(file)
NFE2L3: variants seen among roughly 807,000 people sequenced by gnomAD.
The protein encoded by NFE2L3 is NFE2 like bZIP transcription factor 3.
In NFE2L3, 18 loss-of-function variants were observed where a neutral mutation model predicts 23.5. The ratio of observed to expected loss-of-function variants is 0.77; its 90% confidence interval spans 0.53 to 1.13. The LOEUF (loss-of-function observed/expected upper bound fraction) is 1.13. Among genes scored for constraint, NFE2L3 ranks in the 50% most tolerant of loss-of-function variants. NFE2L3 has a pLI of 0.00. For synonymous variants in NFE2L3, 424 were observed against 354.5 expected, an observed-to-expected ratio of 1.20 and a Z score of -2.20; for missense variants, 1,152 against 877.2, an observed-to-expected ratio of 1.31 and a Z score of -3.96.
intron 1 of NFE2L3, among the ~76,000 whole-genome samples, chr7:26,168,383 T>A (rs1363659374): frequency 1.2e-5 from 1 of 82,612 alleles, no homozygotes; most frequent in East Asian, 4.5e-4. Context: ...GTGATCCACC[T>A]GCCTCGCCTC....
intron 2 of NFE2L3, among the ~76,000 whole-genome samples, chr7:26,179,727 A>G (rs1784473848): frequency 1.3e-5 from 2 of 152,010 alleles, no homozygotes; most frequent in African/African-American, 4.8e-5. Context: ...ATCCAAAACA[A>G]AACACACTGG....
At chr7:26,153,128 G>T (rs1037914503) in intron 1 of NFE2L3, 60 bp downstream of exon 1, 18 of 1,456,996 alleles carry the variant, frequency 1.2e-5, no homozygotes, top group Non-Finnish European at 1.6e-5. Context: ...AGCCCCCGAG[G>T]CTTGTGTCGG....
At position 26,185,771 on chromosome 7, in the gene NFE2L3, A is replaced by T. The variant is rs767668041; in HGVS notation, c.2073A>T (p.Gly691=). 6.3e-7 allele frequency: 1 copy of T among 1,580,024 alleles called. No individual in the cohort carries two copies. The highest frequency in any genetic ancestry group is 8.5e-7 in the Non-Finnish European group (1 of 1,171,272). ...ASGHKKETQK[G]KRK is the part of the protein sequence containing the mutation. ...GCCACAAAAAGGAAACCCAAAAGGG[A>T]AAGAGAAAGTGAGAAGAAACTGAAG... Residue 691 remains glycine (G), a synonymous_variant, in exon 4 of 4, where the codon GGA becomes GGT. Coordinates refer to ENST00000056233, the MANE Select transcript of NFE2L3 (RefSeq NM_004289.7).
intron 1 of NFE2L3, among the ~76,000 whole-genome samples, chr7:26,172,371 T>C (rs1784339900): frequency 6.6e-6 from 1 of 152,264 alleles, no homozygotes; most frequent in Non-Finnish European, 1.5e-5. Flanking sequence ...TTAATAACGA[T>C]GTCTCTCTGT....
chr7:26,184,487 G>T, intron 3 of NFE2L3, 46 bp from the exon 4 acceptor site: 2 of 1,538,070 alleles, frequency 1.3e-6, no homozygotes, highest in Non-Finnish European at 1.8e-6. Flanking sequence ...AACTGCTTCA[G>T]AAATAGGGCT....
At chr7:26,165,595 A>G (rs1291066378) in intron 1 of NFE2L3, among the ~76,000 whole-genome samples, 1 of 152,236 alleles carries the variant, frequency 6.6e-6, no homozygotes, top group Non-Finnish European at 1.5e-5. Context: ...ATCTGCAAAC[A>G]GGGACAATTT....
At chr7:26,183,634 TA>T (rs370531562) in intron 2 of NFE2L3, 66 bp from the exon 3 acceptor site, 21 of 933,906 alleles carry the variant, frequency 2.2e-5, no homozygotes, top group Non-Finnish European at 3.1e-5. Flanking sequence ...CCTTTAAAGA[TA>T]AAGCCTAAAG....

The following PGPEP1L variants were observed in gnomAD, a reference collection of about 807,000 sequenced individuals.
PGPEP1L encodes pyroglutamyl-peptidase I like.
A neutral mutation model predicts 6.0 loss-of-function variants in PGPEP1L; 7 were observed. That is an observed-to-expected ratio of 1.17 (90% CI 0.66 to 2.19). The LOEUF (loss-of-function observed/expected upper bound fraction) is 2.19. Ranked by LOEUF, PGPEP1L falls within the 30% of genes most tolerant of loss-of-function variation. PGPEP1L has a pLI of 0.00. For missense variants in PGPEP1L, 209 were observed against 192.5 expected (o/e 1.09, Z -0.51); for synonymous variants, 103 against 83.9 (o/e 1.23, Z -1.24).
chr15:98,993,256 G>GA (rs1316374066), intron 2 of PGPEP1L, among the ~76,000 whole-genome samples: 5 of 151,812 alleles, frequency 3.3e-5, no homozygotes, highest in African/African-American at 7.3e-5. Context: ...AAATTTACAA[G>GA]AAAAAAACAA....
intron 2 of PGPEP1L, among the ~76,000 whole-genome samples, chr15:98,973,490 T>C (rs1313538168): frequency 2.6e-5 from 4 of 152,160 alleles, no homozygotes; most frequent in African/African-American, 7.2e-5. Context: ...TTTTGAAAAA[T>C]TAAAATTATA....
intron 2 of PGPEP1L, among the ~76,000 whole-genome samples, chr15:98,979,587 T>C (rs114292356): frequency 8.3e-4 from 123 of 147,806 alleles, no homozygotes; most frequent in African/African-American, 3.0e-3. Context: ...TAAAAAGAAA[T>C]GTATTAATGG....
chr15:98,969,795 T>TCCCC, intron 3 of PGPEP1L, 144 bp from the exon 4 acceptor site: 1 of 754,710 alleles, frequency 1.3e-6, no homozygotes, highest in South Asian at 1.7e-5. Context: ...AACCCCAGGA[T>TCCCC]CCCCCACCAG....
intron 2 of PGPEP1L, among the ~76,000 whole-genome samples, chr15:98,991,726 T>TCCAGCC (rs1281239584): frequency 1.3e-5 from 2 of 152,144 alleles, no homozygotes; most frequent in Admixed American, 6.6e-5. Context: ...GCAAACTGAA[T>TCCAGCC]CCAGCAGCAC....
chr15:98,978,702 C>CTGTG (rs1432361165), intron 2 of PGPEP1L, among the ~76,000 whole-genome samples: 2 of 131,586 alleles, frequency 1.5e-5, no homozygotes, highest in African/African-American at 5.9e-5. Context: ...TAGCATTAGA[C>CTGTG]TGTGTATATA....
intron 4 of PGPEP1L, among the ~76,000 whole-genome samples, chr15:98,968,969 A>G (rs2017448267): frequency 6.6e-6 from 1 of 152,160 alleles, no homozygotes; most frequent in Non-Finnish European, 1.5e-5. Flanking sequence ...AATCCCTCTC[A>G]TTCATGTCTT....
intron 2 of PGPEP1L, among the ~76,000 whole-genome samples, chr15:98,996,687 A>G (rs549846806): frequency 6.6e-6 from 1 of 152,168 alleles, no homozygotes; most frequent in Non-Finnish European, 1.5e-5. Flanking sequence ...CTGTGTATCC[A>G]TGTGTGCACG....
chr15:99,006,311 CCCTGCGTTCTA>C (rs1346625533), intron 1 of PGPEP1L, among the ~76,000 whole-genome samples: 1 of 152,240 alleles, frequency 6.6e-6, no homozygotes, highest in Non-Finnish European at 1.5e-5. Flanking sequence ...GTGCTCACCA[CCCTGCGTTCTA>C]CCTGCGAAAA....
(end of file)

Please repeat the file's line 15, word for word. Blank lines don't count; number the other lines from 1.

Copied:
chr15:98,993,256 G>GA (rs1316374066), intron 2 of PGPEP1L, among the ~76,000 whole-genome samples: 5 of 151,812 alleles, frequency 3.3e-5, no homozygotes, highest in African/African-American at 7.3e-5. Context: ...AAATTTACAA[G>GA]AAAAAAACAA....